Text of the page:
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May 19, 2021 REPORT

Belarus: Analysis of Arbitrary Disbarments of Liudmila Kazak, Konstantin Mikhel, Maxim Konon, and Mikhail Kirilyuk

CHR staff attorneys find that the disbarments of these four lawyers violate the fundamental, long-standing principles that safeguard the independence of the legal profession, further undermining the rule of law in Belarus.

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Since protests erupted after Belarus’s widely condemned 2020 presidential election, the Belarusian government has used several punitive tools against lawyers who express views critical of the government or who represent protestors or other opposition figures. The government’s actions against lawyers over the past several months have taken the form of criminal proceedings, administrative detention and penalties, disciplinary proceedings, and, in several cases, disbarment. The disbarments examined in this report represent part of a wider and ongoing pattern of repression of the legal profession in Belarus that has included various forms of intimidation, harassment, and government control.

On February 19, 2021, Belarusian attorneys Liudmila Kazak, Konstantin Mikhel, Maxim Konon and Mikhail Kirilyuk were disbarred by the Belarus Ministry of Justice (MOJ)’s Qualification Commission. In its decision, the Commission found that each had “discredited” the legal profession and engaged in conduct “incompatible with the title of lawyer.” The attorneys have provided legal representation in politically sensitive cases, including in cases related to detained protesters and political opposition figures, and made public statements or allegedly participated in protests regarding violations of the rule of law in Belarus. Their disbarments were based on arbitrary grounds, served to intimidate, hinder and harass the lawyers and interfere with their work, and violated their fundamental rights.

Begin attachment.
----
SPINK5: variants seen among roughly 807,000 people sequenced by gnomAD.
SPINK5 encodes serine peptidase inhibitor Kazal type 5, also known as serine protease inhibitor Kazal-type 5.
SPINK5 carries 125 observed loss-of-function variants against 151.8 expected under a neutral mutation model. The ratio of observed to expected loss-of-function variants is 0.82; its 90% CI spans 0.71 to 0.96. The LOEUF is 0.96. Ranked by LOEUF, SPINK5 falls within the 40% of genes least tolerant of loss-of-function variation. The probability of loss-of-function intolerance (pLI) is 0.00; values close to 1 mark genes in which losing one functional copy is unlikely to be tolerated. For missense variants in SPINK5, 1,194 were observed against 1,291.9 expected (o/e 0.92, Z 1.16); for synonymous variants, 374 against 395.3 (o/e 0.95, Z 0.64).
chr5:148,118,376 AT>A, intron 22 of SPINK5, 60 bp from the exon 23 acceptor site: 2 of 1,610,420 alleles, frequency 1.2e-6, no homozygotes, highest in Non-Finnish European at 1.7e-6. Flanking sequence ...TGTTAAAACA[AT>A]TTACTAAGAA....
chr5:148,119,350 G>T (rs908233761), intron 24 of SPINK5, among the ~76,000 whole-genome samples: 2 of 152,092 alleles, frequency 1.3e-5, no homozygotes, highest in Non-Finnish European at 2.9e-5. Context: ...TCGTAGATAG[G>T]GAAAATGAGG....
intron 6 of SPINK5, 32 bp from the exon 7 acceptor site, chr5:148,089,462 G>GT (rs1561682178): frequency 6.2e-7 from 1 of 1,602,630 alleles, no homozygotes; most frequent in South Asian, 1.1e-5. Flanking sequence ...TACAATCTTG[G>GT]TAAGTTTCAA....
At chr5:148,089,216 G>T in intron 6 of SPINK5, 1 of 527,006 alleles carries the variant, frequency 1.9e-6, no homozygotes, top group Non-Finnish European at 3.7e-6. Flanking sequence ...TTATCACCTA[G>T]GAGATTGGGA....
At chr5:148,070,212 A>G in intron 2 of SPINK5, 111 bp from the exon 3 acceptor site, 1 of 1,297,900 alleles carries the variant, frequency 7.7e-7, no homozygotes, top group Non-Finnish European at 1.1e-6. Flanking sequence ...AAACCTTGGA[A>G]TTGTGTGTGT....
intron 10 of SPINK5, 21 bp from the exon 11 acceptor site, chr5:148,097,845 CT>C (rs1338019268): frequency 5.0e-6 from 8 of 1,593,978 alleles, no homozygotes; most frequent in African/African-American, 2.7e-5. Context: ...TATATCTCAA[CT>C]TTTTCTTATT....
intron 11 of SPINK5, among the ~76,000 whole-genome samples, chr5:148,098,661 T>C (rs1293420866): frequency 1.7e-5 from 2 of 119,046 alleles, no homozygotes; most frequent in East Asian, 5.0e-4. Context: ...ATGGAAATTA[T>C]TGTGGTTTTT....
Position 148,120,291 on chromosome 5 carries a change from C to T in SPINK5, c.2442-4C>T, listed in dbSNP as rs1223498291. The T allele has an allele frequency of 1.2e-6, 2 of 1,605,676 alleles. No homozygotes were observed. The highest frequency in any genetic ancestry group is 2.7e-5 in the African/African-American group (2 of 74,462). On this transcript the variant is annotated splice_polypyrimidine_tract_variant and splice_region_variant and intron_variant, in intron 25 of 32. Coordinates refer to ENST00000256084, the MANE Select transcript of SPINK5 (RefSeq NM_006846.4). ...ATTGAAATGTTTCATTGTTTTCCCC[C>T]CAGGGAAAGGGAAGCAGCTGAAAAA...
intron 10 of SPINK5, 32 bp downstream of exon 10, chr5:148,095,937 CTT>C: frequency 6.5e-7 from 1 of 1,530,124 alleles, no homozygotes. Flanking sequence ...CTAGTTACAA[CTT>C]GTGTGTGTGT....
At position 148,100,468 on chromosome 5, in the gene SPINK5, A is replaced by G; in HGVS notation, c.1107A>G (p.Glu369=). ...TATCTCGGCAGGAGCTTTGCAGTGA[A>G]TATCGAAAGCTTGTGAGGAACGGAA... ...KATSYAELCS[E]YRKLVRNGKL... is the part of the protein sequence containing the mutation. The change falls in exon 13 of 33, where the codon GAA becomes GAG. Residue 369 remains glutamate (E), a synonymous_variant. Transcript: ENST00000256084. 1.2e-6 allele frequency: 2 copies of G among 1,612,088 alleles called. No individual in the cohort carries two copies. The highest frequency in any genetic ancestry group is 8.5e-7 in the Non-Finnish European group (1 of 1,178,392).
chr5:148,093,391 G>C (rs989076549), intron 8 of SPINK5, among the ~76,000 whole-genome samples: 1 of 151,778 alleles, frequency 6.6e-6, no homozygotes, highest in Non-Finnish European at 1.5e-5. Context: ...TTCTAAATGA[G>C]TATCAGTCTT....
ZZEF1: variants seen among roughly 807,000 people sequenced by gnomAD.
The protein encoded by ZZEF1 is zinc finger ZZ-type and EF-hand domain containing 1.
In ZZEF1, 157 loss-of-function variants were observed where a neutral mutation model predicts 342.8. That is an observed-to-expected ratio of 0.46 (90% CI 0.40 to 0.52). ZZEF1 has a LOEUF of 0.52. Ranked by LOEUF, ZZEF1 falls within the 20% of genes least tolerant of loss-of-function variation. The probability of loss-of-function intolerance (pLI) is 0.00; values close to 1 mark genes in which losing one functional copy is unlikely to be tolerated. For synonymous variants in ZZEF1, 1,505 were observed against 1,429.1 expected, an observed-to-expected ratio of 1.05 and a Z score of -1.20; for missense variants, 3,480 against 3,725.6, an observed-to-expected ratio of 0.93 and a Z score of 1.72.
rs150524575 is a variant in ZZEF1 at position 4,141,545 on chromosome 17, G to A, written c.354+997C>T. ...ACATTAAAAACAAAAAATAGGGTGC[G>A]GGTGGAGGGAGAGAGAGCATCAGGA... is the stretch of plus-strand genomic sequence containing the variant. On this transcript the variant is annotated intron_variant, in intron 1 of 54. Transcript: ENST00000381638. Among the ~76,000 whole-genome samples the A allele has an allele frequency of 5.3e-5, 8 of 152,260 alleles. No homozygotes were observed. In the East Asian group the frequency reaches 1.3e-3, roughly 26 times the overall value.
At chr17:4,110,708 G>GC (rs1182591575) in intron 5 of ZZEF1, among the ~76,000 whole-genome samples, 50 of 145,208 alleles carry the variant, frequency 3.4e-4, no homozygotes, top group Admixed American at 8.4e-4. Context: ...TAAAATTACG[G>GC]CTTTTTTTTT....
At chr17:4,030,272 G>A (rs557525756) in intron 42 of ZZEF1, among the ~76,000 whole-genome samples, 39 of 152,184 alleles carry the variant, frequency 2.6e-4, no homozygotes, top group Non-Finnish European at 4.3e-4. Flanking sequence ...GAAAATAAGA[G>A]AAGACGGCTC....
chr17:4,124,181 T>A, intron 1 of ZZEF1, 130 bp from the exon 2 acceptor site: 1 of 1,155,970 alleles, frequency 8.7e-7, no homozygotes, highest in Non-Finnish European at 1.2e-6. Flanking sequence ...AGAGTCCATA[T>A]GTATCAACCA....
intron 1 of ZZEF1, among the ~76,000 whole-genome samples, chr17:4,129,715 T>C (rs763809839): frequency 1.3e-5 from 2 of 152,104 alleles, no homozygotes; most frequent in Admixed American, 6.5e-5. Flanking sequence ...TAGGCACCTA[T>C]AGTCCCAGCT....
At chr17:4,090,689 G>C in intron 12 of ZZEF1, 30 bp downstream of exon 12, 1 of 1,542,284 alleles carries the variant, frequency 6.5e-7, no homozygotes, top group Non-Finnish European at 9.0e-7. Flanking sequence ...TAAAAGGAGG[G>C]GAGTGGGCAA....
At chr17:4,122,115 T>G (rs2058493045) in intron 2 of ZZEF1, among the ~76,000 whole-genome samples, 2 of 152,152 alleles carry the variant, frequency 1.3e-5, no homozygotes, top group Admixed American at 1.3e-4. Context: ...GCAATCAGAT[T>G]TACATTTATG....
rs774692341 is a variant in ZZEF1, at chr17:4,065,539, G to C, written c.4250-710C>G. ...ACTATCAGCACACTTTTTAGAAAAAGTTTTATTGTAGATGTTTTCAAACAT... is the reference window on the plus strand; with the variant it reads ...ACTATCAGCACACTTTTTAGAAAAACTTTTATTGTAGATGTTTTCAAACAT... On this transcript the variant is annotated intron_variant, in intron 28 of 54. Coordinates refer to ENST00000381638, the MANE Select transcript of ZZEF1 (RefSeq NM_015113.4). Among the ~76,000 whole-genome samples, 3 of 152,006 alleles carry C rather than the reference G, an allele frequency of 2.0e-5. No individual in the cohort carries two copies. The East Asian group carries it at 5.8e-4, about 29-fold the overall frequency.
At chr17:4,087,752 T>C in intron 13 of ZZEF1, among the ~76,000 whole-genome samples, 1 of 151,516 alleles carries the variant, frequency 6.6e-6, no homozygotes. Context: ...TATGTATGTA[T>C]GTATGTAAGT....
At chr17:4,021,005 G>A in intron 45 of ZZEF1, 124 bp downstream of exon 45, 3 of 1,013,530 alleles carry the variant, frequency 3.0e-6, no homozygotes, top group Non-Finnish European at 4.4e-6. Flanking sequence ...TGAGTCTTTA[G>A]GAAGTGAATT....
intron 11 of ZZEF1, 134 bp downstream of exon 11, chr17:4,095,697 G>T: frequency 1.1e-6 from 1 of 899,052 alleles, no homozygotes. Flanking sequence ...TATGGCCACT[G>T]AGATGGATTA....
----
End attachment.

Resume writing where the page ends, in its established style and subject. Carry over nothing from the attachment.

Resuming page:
In addition to Belarusian authorities’ expansive use of administrative sanctions and disciplinary proceedings against lawyers, proposed legislative amendments also suggest a tightening of the government’s grip on the legal profession in Belarus. For example, the government is adopting draft amendments to the Advocacy Law that would reportedly allow the executive branch more control over the selection of attorneys and the appointment of bar association leaders and, along with other amendments, further undermine the independence of lawyers and the legal profession.

Pursuant to international standards, lawyers are entitled to perform all of their professional functions without intimidation, hindrance, harassment, or improper interference. In addition, lawyers have the same fundamental freedoms and basic rights as all other individuals, including the rights to freedom of expression, freedom of peaceful assembly and freedom from discrimination. The government’s severe sanctions against lawyers for the legitimate exercise of their rights and fulfilment of professional obligations and the proposed amendments to the Advocacy Law also violate fundamental principles safeguarding the independence of the legal profession and its role in defending human rights and the rule of law in a democratic society. 


This report was prepared by external pro-bono counsel, consultants, and staff attorneys of the American Bar Association Center for Human Rights and reflects their views. It has not been approved by the House of Delegates or the Board of Governors of the American Bar Association and therefore should not be construed as representing the policy of the American Bar Association as a whole.  Further, nothing in this report should be considered as legal advice in a specific case.